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Demographics and Media

Back to Ontario Media Literacy Main Page
Go to Wiindmill Press Publishing House (Canadian publisher of media literacy resources)

"Demographics explain two-thirds of everything." So say David Foot and Daniel Stoffman, authors of Boom, Bust and Echo Ever wonder why certain media trends occur? Why, for example, the majority of films these days seems so juvenile or why so much of the music is by one-hit wonders? The answer is demographics. Understanding demographics is a big part of understanding media, especially advertising.

The following exerpt is from Foot and Stoffman's book:

Movie attendance in Canada is up by 20 million tickets per year since the start of the 1990s. In the Toronto area, the number of screens showing movies is projected to double over the next three years. Does this make any sense in a world where movies face stronger competition for the entertainment dollar than ever before?

The answer is demographics. The Echo generation, the boomers' kids born between 1980 and 1995, have entered their prime movie-going years. Teenagers and young adults love going out to the movies, which is why most movies are produced with them in mind. In fact, teen culture in general, not just movies, is currently in boom mode because North America has more teenagers than at any time since the boomers themselves were young. Some 6.5 million Canadian Echo kids and 76 million American echo kids either already are, or over the next few years will become teenagers.

The demographic shift means boom times for many products that, until recently, were slumping. The apparel, beer, and marijuana industries are just a few that will boom thanks to the echo. College and university enrollments will climb, as will demand for rental apartments. Good news for retailers is that these echo teens are richer than their boomer parents were at the same age. In the 1950s, three or four kids had to compete for whatever spending money one working parent chose to distribute. In the 1990s, one or two kids have their cash needs supplied from two working parents. Because of growing life expectancy, some Echo kids are blessed with four grandparents. That demographic situation has given rise to the phenomenom some marketers call the "six pocket kid." It is the reason why Nike running shows are $200 and a Tommy Hilfiger t-shirt is $50.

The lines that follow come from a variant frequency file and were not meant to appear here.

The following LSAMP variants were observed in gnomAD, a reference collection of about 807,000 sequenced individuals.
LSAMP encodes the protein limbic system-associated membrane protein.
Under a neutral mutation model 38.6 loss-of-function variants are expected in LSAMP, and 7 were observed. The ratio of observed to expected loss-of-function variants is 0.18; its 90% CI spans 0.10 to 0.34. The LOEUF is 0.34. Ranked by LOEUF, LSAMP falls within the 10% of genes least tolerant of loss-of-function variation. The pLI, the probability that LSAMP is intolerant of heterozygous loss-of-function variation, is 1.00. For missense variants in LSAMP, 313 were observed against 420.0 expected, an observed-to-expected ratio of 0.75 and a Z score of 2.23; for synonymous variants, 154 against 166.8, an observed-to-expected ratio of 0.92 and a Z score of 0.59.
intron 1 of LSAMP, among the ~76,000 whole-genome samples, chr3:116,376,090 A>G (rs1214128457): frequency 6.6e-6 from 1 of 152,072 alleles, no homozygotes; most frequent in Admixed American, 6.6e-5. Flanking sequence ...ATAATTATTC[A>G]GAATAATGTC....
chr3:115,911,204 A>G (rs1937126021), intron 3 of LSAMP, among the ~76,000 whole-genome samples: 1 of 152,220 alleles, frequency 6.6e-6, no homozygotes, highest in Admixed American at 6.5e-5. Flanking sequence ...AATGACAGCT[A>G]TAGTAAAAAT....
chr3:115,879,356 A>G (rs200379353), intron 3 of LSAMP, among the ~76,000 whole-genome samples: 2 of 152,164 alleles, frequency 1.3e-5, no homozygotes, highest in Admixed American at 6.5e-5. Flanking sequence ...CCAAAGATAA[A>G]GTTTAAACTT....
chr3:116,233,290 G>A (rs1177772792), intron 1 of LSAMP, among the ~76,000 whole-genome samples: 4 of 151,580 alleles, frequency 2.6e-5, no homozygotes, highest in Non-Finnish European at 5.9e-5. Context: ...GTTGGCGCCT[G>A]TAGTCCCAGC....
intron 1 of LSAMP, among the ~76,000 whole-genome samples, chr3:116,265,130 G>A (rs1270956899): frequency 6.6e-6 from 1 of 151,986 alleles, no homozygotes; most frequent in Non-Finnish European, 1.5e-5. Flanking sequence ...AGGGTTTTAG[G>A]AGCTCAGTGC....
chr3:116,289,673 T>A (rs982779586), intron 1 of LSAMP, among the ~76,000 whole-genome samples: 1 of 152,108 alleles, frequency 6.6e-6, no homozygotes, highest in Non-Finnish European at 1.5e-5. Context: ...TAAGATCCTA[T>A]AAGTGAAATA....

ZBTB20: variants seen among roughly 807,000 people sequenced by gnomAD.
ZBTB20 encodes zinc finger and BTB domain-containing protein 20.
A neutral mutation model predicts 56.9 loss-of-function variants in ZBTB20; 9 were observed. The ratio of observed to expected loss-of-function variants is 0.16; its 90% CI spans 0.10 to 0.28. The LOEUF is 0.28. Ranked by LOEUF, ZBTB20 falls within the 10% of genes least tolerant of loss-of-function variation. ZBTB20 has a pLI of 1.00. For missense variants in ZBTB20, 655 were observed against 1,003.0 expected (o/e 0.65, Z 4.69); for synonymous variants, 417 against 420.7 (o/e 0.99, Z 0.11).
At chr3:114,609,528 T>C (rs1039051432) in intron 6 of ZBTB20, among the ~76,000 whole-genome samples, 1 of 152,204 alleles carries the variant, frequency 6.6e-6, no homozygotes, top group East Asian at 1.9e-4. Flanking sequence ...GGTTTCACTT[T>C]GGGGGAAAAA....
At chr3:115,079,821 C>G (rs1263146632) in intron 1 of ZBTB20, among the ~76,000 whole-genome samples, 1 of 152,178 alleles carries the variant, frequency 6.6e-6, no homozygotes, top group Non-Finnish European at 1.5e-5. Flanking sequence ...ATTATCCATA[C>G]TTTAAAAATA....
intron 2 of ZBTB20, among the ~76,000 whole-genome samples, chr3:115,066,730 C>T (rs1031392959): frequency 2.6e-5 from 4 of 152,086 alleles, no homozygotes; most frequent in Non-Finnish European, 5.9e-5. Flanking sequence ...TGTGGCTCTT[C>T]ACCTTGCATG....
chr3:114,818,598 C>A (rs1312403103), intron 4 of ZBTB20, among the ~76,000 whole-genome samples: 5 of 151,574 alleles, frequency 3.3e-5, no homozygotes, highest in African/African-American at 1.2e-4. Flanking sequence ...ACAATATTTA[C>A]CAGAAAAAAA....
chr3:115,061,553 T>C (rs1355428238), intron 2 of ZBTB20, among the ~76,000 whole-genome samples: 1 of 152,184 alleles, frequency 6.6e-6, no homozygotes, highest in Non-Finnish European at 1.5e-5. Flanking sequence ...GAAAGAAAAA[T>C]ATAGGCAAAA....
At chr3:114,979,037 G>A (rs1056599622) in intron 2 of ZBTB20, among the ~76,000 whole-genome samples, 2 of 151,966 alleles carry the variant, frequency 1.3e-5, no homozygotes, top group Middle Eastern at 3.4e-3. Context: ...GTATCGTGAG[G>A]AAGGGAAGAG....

The echo is big but not as big as the almost 10 million strong boom. Just as movie theatres for kids are mushrooming, so casinos and golf courses are popping up everywhere to accomodate aging boomers who are entering their prime gambling and golfing years. Life has become more complex for retailers and providers of recreational, educational and other services. They must be able to satisfy the different needs of two growth markets--one composed of people in their teens and 20s and another of people in their 50s.

Children, Teens and Corporate America

In a 1999 article of the Toronto Globe and Mail, Philip Jackson took an even closer look at these Echo kids, by narrowing the present group to children aged 9-14:

With 59% of Canada's Tween-agers having a bank account and 17 percent possessing cards for automated banking machines, children aged 9 to 14 are a significant emerging market.

According to a national survey conducted for YTV cable channel by Creative Research International, kids in this age group are savvy consumers who exert a growing influence on their families' spending habits. They control an increasingly large pool of discretionary income--$1.5 billion in 1998--even though the Tweens who have part-time jobs are working fewer hours (5.4 a week in 1998, compared to 7.3 in 1995)and are also earning less on average ($4.60 an hour in 1998 versus $5 in 1995).

The top items Tweens spend their money on are food, entertainment and clothing. But they're saving, too. Electronics (20%) and sports equipment (17%) head the list of items these children are saving for, but a farsighted 8% are putting money aside for college or university.